Opinion / Strategy

Bad Idea: Arguing Over Capabilities- vs. Threat-based Planning

Bad Ideas in National Security Series

There is nary a more disliked phrase in Pentagonese than capabilities-based planning. One writer mourns that it has “effectively preempted strategy development.”[1] Another that it drives “artificial selection” to justify big, expensive acquisition programs.[2] One argues for a return to its predecessor, threat-based planning, to provide “clear and identifiable benchmarks.”[3] These concerns reflect a largely false debate over the relevancy of threat assessment in different schools of force planning. Never has terminology—threat-based versus capabilities-based—been more inhibiting to informed discussion of needs analysis. How did we get here?

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In the late 1990s, some defense analysts became concerned that the canonical scenarios on which the Defense Department had built force development plans were too narrow to capture the range of likely future military engagements. They termed this legacy approach “threat-based planning.” The two scenarios commonly used at the time focused on responding to a North Korean invasion of South Korea and an Iraqi attack on Saudi Arabia and Kuwait. Force developers instead began to promote the use of a broader range of plausible scenarios in force planning. The most fully articulated framework in this genre was put forward by RAND analyst Paul Davis and his colleagues.[4] Davis eventually called his approach “capabilities-based planning.”[5]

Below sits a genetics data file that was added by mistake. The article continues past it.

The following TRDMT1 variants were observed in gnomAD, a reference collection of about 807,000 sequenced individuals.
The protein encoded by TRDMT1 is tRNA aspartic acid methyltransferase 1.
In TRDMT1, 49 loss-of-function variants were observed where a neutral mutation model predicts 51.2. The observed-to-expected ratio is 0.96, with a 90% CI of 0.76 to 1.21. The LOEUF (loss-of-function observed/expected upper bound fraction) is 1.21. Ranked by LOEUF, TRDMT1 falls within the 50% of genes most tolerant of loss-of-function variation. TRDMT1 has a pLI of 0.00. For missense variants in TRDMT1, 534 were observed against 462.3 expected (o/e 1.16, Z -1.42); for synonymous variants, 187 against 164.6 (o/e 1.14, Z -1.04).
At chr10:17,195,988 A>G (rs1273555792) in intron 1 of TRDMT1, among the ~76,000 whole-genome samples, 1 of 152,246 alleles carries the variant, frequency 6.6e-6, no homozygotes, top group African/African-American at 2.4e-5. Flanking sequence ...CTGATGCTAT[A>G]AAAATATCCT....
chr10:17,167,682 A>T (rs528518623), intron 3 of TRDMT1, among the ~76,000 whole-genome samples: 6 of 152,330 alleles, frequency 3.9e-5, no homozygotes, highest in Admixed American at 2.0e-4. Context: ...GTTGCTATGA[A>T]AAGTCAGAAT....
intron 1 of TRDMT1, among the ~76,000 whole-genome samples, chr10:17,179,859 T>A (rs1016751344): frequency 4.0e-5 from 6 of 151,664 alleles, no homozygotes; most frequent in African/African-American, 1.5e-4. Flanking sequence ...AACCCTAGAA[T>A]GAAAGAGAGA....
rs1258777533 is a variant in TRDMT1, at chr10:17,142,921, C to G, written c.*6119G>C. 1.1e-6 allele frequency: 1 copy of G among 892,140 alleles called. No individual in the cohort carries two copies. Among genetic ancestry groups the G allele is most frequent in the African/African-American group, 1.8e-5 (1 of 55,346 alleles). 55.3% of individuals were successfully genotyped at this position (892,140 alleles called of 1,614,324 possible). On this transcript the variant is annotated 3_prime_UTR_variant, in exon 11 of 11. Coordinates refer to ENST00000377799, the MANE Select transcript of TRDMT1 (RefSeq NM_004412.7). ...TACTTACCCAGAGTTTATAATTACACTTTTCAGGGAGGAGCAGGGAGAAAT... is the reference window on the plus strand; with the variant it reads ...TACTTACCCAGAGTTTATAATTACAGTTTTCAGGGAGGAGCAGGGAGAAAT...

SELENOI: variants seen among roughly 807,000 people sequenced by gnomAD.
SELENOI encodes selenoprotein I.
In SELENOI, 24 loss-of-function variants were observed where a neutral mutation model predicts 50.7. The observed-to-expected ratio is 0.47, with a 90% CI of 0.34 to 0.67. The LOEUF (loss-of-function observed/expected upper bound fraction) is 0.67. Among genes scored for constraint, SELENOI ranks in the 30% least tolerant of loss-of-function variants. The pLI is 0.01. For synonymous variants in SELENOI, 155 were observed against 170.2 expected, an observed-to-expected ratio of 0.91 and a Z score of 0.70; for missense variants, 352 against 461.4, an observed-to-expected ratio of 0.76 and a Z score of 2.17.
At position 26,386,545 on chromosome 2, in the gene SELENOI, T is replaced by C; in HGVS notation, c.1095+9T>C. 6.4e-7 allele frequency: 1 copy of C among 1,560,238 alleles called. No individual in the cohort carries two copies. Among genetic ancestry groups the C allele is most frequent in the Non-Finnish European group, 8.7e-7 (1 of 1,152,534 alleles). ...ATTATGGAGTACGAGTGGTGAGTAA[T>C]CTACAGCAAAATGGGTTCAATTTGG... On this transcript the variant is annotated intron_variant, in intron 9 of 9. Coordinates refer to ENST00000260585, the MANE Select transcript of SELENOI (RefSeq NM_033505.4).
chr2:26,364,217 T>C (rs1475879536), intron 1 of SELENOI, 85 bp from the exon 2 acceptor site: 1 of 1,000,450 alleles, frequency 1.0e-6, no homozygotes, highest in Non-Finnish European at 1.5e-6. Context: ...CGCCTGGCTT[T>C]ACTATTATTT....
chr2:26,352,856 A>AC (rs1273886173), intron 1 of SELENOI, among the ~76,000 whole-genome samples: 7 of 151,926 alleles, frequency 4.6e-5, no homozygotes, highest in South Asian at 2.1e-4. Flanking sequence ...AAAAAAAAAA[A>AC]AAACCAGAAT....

As 9/11 and the ensuing years of U.S. military engagement have demonstrated, Davis and like-minded analysts were right to worry. The range of operations experienced by the U.S. military has extended much further than the 1990s scenarios envisioned, from large-scale counterinsurgency and dispersed irregular warfare to deterring advanced nuclear states. As to the canonical scenarios themselves, the United States invaded Iraq, not the other way around; and North Korea has yet to invade South Korea, while concern about a range of other potential Korean contingencies has grown.

Given this empirical evidence, it is surprising to hear occasional yearning for so-called threat-based planning. No one today advocates assessing only two specific threat vectors, from source to strategy to tactics. Yet that is the very definition of threat-based planning. Lingering admiration for threat-based planning appears to reflect an affection for the term (its inclusion of the word “threat” is deeply strategically satisfying) more than an embrace of its narrow approach to assessing the future. Despite popular belief to the contrary, threat assessment is also critical to capabilities-based planning.[6] The difference between the two approaches is in the range of threats to be examined. Caricaturing capabilities-based planning as void of threat assessment perpetuates a myth, just as caricaturing threat-based planning as “planning focused on threats” is a myth.